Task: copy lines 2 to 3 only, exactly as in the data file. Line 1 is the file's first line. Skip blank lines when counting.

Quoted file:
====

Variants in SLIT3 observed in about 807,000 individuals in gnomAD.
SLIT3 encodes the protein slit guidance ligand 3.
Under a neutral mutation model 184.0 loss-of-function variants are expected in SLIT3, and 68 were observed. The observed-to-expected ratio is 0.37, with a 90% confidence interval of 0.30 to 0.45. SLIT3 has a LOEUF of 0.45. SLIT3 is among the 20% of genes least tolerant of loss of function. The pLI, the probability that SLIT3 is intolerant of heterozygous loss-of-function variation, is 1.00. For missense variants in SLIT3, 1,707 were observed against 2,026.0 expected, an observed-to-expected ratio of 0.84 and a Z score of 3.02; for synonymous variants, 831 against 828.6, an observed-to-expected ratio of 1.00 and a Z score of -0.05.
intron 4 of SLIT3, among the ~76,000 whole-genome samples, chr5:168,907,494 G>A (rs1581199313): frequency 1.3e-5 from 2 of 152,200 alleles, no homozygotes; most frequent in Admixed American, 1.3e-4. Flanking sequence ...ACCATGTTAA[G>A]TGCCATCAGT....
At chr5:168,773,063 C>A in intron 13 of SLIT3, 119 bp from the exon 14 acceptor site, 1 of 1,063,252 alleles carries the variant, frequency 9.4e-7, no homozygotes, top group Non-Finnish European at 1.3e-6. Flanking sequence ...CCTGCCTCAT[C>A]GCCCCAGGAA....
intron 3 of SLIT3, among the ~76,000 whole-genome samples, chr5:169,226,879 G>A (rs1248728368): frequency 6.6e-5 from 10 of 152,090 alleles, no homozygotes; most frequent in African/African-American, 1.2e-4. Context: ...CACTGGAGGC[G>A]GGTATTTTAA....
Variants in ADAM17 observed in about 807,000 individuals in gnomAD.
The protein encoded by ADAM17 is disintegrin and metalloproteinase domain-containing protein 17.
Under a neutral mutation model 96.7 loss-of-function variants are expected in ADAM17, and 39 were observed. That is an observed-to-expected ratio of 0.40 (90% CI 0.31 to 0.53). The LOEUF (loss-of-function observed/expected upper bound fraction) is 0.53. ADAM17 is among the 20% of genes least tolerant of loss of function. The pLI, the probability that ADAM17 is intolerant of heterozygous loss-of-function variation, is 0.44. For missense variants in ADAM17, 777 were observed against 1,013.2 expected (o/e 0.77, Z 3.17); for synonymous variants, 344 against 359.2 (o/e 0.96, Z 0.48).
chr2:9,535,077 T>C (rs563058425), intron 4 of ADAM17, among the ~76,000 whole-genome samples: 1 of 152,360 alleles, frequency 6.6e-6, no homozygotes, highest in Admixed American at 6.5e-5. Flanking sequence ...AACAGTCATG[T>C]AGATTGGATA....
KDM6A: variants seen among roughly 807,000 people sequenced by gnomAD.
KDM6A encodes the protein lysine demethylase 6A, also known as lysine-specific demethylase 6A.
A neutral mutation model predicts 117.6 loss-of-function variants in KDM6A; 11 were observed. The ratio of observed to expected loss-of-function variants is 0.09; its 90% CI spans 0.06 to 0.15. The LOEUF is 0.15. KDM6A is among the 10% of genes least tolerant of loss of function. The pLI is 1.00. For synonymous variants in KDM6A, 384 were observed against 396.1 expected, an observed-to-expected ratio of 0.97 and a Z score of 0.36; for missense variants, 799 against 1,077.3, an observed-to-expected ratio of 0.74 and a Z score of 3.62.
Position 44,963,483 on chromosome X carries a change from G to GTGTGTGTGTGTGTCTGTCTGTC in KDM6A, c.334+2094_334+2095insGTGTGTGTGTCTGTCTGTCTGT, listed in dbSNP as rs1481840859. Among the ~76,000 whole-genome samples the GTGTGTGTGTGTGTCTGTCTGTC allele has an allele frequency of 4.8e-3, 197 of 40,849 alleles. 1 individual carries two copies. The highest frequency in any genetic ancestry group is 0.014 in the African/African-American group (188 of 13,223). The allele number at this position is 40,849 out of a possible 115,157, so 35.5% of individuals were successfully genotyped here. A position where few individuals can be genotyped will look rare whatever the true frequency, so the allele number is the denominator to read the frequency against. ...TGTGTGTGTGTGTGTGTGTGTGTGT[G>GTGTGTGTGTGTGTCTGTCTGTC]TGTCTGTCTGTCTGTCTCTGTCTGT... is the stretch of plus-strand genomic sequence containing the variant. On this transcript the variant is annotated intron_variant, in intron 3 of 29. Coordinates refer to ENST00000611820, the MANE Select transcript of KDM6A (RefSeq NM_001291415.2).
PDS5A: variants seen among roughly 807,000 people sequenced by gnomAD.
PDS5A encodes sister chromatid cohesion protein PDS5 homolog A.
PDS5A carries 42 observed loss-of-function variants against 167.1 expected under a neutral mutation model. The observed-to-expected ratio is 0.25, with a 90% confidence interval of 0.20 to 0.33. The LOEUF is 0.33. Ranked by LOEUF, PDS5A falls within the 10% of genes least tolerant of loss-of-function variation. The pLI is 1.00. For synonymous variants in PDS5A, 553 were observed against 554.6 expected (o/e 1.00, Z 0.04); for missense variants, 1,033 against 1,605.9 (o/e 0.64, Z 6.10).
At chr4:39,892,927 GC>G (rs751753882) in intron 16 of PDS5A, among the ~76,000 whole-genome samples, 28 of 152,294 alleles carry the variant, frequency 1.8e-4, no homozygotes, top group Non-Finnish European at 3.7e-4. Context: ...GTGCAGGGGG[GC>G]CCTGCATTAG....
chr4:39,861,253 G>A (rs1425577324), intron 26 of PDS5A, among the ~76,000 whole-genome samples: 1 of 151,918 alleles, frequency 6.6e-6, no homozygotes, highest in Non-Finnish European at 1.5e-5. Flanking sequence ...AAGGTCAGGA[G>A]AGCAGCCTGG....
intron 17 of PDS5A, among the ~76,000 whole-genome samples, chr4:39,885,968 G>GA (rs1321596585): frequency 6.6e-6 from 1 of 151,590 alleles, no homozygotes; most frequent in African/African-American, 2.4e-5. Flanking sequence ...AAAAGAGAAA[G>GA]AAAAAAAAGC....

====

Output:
SLIT3 encodes the protein slit guidance ligand 3.
Under a neutral mutation model 184.0 loss-of-function variants are expected in SLIT3, and 68 were observed. The observed-to-expected ratio is 0.37, with a 90% confidence interval of 0.30 to 0.45. SLIT3 has a LOEUF of 0.45. SLIT3 is among the 20% of genes least tolerant of loss of function. The pLI, the probability that SLIT3 is intolerant of heterozygous loss-of-function variation, is 1.00. For missense variants in SLIT3, 1,707 were observed against 2,026.0 expected, an observed-to-expected ratio of 0.84 and a Z score of 3.02; for synonymous variants, 831 against 828.6, an observed-to-expected ratio of 1.00 and a Z score of -0.05.